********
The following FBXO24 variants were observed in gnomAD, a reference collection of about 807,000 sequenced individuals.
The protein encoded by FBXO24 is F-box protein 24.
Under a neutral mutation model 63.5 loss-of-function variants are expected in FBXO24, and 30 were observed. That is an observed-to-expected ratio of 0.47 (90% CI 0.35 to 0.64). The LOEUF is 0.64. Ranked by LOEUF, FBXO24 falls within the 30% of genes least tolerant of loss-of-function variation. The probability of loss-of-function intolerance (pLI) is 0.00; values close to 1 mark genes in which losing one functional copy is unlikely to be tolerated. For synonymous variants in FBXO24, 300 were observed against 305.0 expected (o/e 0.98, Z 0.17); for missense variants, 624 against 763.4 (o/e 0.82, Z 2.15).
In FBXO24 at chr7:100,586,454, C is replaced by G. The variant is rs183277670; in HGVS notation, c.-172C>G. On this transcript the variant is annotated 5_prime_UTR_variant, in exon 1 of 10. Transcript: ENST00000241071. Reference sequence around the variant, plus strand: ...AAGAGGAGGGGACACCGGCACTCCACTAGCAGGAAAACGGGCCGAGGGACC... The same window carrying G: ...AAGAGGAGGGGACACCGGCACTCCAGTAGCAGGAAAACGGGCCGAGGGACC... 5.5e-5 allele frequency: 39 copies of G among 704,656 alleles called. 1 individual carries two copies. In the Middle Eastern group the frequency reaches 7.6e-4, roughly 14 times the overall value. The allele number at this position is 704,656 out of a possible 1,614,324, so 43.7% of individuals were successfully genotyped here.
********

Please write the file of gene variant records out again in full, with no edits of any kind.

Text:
The following FBXO24 variants were observed in gnomAD, a reference collection of about 807,000 sequenced individuals.
The protein encoded by FBXO24 is F-box protein 24.
Under a neutral mutation model 63.5 loss-of-function variants are expected in FBXO24, and 30 were observed. That is an observed-to-expected ratio of 0.47 (90% CI 0.35 to 0.64). The LOEUF is 0.64. Ranked by LOEUF, FBXO24 falls within the 30% of genes least tolerant of loss-of-function variation. The probability of loss-of-function intolerance (pLI) is 0.00; values close to 1 mark genes in which losing one functional copy is unlikely to be tolerated. For synonymous variants in FBXO24, 300 were observed against 305.0 expected (o/e 0.98, Z 0.17); for missense variants, 624 against 763.4 (o/e 0.82, Z 2.15).
In FBXO24 at chr7:100,586,454, C is replaced by G. The variant is rs183277670; in HGVS notation, c.-172C>G. On this transcript the variant is annotated 5_prime_UTR_variant, in exon 1 of 10. Transcript: ENST00000241071. Reference sequence around the variant, plus strand: ...AAGAGGAGGGGACACCGGCACTCCACTAGCAGGAAAACGGGCCGAGGGACC... The same window carrying G: ...AAGAGGAGGGGACACCGGCACTCCAGTAGCAGGAAAACGGGCCGAGGGACC... 5.5e-5 allele frequency: 39 copies of G among 704,656 alleles called. 1 individual carries two copies. In the Middle Eastern group the frequency reaches 7.6e-4, roughly 14 times the overall value. The allele number at this position is 704,656 out of a possible 1,614,324, so 43.7% of individuals were successfully genotyped here.